Personalization: Lessons from a 13-Year Old

Photo courtesy Heather Kincaid

I was having a conversation with my 13-year-old daughter the other day regarding fashion. Obviously a slippery slope for any parent of a teen and one I should have steered well clear of. To my surprise though, I gained some amazing insight into how she views fashion statements and the importance of having a “why” behind them. Like a lot of dads with teenage kids I’m sure, I often find myself baffled by the choices my kid and her friends make when it comes to their outfits. There is no one brand or style dominating their wardrobes. I did, however, notice a lot of personalization – jeans, tees and shoes uniquely customized to reflect their own personal style. I asked my daughter one day why she cut her shirts the way she did. Or, why she had Japanese Kanji graffiti drawn on her shoes. Her response was pretty impressive: by making things her “own”, her style does the talking for her. It makes it easier for her to connect with others who are like her, making it easier to make friends.

A simple, yet very powerful encounter with my teenager. She’s found the fastest path to connection with others is through a personalized wardrobe. Why do I find this so insightful and worth sharing? She used basic items and available resources to solve one of the most challenging problems in her world: making an impression and meeting friends. This scenario is mirrored in business every day. We may not be looking for friends, necessarily (although it is a frequent bonus in our industry) but rather trying to connect with the right customers.

In an industry flush with competitors of all shapes and sizes, standing out and connecting with customers can seem like an impossibly daunting task. Does it have to be? We as business owners tend to spend too much time looking out the window instead of looking in the mirror. We look out at our respective professions and get caught up in the ground swell of trendsetting or maybe just trend following, or the problem of the week. This, when we should be looking in the mirror and focusing on what matters: seeing what our current and prospective customers see. It becomes all but impossible to stand out when you look, sound and act like everyone else.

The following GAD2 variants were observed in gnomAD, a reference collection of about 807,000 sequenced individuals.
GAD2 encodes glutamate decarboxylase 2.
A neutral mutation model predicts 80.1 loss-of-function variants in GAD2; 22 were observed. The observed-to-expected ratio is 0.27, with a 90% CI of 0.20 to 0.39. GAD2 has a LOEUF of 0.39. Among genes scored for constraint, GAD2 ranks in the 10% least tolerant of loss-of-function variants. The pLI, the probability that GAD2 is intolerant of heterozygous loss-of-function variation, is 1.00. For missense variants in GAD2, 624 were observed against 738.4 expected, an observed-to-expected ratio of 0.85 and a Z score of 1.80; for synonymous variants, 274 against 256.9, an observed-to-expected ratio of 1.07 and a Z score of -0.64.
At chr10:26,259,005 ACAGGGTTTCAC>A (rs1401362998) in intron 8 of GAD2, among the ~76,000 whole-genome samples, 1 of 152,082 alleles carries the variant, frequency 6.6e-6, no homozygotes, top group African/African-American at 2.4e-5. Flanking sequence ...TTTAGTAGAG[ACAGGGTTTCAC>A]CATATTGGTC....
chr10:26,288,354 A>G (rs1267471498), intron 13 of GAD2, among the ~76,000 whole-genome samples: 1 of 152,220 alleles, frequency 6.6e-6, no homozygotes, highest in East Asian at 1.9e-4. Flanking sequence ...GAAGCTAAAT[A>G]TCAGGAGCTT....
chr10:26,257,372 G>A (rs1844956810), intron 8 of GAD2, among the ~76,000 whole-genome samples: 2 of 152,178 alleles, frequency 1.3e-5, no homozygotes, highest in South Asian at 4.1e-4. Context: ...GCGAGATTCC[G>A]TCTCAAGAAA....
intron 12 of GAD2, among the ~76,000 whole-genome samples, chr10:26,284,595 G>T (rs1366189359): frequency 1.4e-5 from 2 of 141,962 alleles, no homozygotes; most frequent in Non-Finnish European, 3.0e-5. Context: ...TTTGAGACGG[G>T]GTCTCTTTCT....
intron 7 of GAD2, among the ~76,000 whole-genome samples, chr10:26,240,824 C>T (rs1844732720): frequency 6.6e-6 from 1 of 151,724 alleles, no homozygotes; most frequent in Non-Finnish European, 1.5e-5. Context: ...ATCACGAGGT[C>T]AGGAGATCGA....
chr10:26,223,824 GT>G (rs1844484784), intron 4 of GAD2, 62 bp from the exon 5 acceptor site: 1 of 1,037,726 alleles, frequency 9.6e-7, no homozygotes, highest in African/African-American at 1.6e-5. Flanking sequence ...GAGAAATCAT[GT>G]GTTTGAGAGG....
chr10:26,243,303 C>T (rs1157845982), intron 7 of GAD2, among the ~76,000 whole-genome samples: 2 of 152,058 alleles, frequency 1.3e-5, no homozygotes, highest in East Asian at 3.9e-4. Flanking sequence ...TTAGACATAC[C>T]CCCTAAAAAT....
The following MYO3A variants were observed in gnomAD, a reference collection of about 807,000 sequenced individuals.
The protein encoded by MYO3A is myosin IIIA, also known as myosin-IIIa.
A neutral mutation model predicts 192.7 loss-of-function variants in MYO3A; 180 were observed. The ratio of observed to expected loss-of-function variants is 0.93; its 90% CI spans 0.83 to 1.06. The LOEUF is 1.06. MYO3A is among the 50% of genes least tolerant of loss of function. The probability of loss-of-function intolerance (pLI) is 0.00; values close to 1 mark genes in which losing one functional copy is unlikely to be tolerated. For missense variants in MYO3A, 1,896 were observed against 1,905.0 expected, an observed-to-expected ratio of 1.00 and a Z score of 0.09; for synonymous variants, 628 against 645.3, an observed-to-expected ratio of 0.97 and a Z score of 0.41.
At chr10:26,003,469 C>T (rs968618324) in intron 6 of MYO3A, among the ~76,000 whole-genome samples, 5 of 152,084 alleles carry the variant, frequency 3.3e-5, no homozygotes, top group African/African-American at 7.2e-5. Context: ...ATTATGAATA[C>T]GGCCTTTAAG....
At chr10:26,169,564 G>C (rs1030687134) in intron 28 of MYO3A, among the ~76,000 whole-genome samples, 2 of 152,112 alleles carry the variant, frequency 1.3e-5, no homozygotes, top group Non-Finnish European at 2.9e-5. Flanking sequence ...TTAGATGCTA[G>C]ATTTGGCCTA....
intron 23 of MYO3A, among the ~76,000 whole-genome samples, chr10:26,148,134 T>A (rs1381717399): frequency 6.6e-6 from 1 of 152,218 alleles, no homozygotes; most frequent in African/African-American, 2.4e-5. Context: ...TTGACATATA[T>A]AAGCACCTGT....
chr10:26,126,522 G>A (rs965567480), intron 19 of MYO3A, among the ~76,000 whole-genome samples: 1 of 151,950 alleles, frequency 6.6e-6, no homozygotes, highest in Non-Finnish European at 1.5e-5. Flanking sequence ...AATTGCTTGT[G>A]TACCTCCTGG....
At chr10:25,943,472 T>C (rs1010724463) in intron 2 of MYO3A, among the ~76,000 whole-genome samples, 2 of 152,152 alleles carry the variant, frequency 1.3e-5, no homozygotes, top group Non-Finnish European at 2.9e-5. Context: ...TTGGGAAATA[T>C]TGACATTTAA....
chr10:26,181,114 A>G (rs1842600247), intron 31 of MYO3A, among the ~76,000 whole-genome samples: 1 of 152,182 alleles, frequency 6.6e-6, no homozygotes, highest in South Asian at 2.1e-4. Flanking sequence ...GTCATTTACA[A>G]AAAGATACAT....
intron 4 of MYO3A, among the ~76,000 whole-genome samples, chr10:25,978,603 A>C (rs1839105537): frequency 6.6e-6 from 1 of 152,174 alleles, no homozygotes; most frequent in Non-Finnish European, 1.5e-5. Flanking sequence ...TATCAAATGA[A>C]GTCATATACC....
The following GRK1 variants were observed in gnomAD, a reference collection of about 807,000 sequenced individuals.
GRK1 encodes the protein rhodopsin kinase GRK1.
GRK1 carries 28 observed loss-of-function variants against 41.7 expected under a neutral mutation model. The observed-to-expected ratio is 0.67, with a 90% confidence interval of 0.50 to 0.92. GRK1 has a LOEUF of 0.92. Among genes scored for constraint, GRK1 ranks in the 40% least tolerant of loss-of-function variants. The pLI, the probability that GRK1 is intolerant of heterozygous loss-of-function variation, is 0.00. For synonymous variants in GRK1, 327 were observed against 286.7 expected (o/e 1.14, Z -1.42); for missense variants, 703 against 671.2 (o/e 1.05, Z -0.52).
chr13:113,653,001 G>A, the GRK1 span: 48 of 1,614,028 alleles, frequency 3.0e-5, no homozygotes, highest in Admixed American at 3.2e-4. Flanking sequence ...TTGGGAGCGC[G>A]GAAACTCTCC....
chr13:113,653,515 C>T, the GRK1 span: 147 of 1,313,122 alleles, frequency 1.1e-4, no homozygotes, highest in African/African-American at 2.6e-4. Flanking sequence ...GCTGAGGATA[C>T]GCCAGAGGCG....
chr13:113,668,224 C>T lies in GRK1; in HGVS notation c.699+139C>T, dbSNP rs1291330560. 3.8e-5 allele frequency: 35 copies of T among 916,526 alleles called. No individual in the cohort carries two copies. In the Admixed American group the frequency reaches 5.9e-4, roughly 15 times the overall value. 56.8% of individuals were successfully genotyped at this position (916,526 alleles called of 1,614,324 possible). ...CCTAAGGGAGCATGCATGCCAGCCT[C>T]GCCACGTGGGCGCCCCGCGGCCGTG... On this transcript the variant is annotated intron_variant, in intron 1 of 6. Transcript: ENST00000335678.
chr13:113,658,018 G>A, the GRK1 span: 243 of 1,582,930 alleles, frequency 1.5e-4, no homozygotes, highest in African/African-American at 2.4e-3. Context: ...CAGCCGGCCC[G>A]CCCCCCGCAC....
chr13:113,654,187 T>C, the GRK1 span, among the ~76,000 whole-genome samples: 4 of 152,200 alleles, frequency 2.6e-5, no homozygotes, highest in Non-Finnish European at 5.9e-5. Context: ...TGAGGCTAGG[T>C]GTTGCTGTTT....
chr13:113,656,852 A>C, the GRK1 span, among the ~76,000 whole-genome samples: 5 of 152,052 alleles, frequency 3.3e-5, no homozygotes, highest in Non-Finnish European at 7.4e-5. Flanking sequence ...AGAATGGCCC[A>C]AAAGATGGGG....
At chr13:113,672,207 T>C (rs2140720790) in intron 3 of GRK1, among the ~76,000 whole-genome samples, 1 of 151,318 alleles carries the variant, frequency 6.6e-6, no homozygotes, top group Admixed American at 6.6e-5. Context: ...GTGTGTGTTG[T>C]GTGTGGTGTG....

Pro Tip: Want to know what we think of having a competitive spirit and mindset in business? Read our letter on the subject here!


So, how do you differentiate yourself? How do you set your brand apart from the rest of the pack? Make it personal. Look in that metaphorical mirror and personalize your brand. Tune in your brand to be exactly “who” your business is. Make sure your product and service descriptions are what your ideal customer is looking for. Create your business’s unique voice in your messaging. Then, make yourself easily found and accessible. Back this up with responsiveness and proactive lead and client nurturing.

Know who you want to work for. Design a truly singular customer experience that speaks directly to them in a voice and sequence they’ll want to engage with. Having the knowledge behind what they want and delivering it in everything you do will do the selling for you. It will make it easier to connect with the clients you want to work for. And, bonus: it will make it that much more likely for those clients to become your biggest fans.

We’re sharing different insights from pros like you as well as our own editorial team on the impact of personalization. We’ve got insights on how having this powerful point of view helps brands grow, connects them with more of the right customers, book more events, and creates effective business networks.

Rob Farrow

CEO & Co-Founder

Aisle Planner

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